The government of the Philippines is in discussion with the World Bank about the use of catastrophe bonds, to help it transfer typhoon and earthquake risks to the capital markets, while securing a source of post-disaster financing, once again.
Catastrophe bonds for the Philippines have been a topic of discussion since 2010 or 2011, when its government first approached the World Bank about the potential to issue a MultiCat type cat bond structure to provide a source of rapid disaster response capital.
According to sources, the discussions reached a key stage last year and there was a possible Philippines cat bond transaction on the table in the last quarter of 2014 but which never quite got off the ground, for reasons unknown.
The suggestion late last year was that the Philippines was hoping to have some type of sovereign catastrophe risk transfer structure set up, in force and ready to announce around the anniversary of typhoon Haiyan, but for some reason this never occurred. Sources said at the time that the deal would roll over into 2015, but we have yet to see or hear of anything concrete.
Now, according to a number of newspaper reports, the Philippines government is back in discussion with the World Bank, with a catastrophe bond the main topic of discussion for disaster risk financing. With the World Bank having its MultiCat program and the Capital-at-Risk Notes Program it is well placed to help the Philippines to secure a source of disaster risk financing from capital markets investors.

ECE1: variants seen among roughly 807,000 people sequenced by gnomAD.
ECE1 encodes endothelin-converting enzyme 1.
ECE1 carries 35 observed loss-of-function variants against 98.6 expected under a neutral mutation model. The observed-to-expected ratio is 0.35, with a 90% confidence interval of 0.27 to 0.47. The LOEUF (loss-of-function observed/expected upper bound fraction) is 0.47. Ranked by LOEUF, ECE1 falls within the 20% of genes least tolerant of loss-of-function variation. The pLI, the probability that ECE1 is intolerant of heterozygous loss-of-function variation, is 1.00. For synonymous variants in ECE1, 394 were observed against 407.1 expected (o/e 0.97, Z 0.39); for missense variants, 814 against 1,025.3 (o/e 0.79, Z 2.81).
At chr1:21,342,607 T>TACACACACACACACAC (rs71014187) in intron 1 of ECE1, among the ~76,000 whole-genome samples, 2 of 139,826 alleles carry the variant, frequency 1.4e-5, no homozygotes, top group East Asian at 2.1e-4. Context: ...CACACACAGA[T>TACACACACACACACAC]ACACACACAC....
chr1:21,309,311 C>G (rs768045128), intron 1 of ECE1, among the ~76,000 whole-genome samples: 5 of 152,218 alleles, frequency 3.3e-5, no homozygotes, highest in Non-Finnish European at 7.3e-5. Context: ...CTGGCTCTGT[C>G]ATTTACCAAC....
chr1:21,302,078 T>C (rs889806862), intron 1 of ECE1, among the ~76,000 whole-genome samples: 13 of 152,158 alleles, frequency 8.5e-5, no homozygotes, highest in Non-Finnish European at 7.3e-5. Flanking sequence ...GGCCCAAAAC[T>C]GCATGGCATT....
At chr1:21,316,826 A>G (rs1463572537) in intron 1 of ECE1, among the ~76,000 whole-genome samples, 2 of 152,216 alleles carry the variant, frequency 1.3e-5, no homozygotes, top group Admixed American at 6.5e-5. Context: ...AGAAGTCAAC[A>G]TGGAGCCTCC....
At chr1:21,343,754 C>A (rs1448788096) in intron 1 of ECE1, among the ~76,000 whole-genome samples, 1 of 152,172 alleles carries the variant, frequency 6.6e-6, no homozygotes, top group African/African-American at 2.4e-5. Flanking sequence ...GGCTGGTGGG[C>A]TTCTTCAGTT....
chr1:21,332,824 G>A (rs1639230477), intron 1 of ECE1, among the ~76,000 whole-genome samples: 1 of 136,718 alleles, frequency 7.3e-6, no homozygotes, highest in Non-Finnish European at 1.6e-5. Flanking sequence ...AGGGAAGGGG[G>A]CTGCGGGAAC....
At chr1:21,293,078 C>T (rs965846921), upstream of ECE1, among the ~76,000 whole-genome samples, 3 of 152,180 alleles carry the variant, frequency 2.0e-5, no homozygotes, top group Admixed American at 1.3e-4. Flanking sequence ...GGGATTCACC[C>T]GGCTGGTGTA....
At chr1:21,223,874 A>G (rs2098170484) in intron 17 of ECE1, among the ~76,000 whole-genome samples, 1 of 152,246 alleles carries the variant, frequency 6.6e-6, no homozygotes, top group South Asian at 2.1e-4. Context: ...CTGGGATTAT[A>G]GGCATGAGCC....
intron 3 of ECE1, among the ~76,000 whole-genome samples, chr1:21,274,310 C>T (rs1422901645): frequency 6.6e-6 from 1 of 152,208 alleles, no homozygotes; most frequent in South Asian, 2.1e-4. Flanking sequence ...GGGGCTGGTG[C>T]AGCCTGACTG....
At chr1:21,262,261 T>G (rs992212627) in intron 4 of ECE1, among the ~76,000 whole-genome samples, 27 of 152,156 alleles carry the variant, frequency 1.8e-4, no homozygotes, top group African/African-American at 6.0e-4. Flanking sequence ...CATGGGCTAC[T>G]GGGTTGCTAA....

The talks on catastrophe bonds for the Philippines are said to have resumed, as an effort to help the country reduce the impact of the approximately $5 billion of catastrophic economic losses it suffers from storm damage each year alone.
Bloomberg reported that Roberto Tan, National Treasurer of the Philippines government, said that the discussions with the World Bank about a foreign currency offering of catastrophe bond notes were ongoing.
Quite when a transaction will emerge remains to be seen, but you would imagine that the target would be to get a deal agreed and marketed in advance of the 2015 Philippine typhoon season, which is typically at its peak from September to end of November.
Given that any Philippine catastrophe bond is almost guaranteed to feature a parametric trigger, based on actual storm or catastrophe event parameters, any transaction should be transparent and acceptable to capital market and ILS investors.
That does beg the question why a cat bond for the Philippines hasn’t come to market yet, the answer to which is likely linked to politics and also possibly to data, as the process to get political agreement, collate the data, model a cat bond and to actually launch a sovereign risk transfer deal is unlikely to be a simple one for this market.
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